buying guide patio furniture

take it outside.
  • a table, with no reservations.

    If your patio space is smaller, try a bistro table or small square table. For a larger outdoor area, a round or square table is a good bet. If you're entertaining a more sizable group of friends, look for a long rectangular table. And don't forget about coffee tables–they're perfect for pairing with seating, especially if your patio space is too tight for a regular table.

  • take a seat.

    With so much variety in outdoor seating, it's never been more fun to pick a perch that meets your needs. Choose from Adirondack chairs, sofas, chaise lounges, benches and more.

  • under the umbrella.

    Beyond providing a break from the direct sun, patio umbrellas come in all sorts of fun colors and patterns that bring a punch of personality to your patio space. Patio umbrellas are made from a variety of materials with varying degrees of fade resistance, so think about your patio's sun exposure to find the right option.

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  • frame-worthy furniture materials.

    From steel to all-weather wicker, patio furniture frames are made from a variety of materials, each with a distinct aesthetic. Use this guide to learn more about each material type to find your ideal patio furniture setup.

it's a matter of materials.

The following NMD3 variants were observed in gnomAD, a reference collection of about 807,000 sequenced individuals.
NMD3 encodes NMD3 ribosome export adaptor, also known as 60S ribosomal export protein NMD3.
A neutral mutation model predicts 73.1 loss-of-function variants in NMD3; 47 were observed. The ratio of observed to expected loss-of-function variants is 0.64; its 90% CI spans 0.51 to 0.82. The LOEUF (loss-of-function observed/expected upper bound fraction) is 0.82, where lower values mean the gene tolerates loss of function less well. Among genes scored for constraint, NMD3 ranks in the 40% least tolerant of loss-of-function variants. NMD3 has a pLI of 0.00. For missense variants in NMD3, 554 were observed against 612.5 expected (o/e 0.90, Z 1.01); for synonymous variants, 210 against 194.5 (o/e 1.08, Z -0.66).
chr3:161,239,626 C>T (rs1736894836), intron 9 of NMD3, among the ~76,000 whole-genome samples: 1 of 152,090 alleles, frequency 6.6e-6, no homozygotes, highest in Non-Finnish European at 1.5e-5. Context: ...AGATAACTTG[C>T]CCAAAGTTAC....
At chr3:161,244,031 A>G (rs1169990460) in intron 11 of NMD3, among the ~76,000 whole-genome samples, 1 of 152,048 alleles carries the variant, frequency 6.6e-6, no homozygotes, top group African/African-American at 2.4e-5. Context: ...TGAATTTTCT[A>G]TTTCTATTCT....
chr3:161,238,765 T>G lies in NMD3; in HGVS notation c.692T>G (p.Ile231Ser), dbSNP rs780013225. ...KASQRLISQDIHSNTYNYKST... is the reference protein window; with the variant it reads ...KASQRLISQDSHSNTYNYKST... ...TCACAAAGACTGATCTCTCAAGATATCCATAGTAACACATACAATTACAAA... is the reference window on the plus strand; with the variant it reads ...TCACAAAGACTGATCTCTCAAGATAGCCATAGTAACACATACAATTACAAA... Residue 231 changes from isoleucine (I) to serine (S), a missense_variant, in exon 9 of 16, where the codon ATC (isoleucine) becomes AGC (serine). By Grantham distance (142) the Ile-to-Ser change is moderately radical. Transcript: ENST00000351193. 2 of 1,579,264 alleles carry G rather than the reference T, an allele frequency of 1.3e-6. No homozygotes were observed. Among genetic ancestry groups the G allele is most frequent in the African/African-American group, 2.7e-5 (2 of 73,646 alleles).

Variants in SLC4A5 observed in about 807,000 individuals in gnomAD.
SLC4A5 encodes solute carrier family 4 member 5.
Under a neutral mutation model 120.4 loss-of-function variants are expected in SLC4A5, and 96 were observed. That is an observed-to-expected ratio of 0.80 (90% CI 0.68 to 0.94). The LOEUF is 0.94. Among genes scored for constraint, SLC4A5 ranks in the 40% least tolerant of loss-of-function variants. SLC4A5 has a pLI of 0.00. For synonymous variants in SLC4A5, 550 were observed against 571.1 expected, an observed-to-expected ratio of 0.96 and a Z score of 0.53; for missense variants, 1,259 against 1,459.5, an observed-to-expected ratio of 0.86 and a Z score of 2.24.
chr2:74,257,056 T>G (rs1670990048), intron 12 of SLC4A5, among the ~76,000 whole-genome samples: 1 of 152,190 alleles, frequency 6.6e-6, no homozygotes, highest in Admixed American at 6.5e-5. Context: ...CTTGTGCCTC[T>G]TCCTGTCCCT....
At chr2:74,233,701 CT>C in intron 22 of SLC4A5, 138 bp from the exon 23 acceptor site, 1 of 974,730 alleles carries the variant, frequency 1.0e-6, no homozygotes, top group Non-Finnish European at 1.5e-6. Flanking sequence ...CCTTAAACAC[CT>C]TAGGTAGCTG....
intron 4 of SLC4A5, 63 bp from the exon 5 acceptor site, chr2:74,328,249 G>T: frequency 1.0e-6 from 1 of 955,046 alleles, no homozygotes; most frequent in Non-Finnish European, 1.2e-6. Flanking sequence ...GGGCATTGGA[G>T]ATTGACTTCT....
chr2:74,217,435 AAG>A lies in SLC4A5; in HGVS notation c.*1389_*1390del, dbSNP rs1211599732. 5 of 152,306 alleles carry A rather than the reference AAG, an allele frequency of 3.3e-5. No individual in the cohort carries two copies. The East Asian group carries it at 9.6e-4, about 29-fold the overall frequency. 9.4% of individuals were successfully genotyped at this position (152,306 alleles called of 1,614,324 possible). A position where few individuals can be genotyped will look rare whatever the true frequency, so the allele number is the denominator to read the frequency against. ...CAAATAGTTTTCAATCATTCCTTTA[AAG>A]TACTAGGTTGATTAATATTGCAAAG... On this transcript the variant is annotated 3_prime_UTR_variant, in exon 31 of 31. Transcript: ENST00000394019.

Your patio set's look, durability and maintenance will depend on the materials that make it.

  • aluminum.

    Aluminum is the most durable option among metal-framed patio furniture. It's easy to maintain and clean, and comes in a variety of colors. Powder-coated or anodized finishes will help aluminum stand up to whatever Mother Nature brings. Keep aluminum furniture and its powder-coated finish looking newer longer by spraying the furniture with a coat of car wax. Aluminum is lightweight, making it easier for you to move, but also more likely that a strong gust of wind could move it too.

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  • steel.

    Steel furniture is durable and comes in a range of colors. Look for powder-coated finishes for weather protection and rust resistance. For added durability, look for e-coated steel. This is short for "electrocoating." E-coating gives the steel an extra layer of protection, even in areas that are typically more difficult to coat.

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  • all-weather wicker.

    For a more natural look, try all-weather wicker (also known as resin wicker). It's low-maintenance, long-lasting and highly customizable. Unlike painted natural wicker, it won't peel. Overall, it's extremely weather-resistant and great for most climates.

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wood: teak, mahogany & eucalyptus.

  • teak.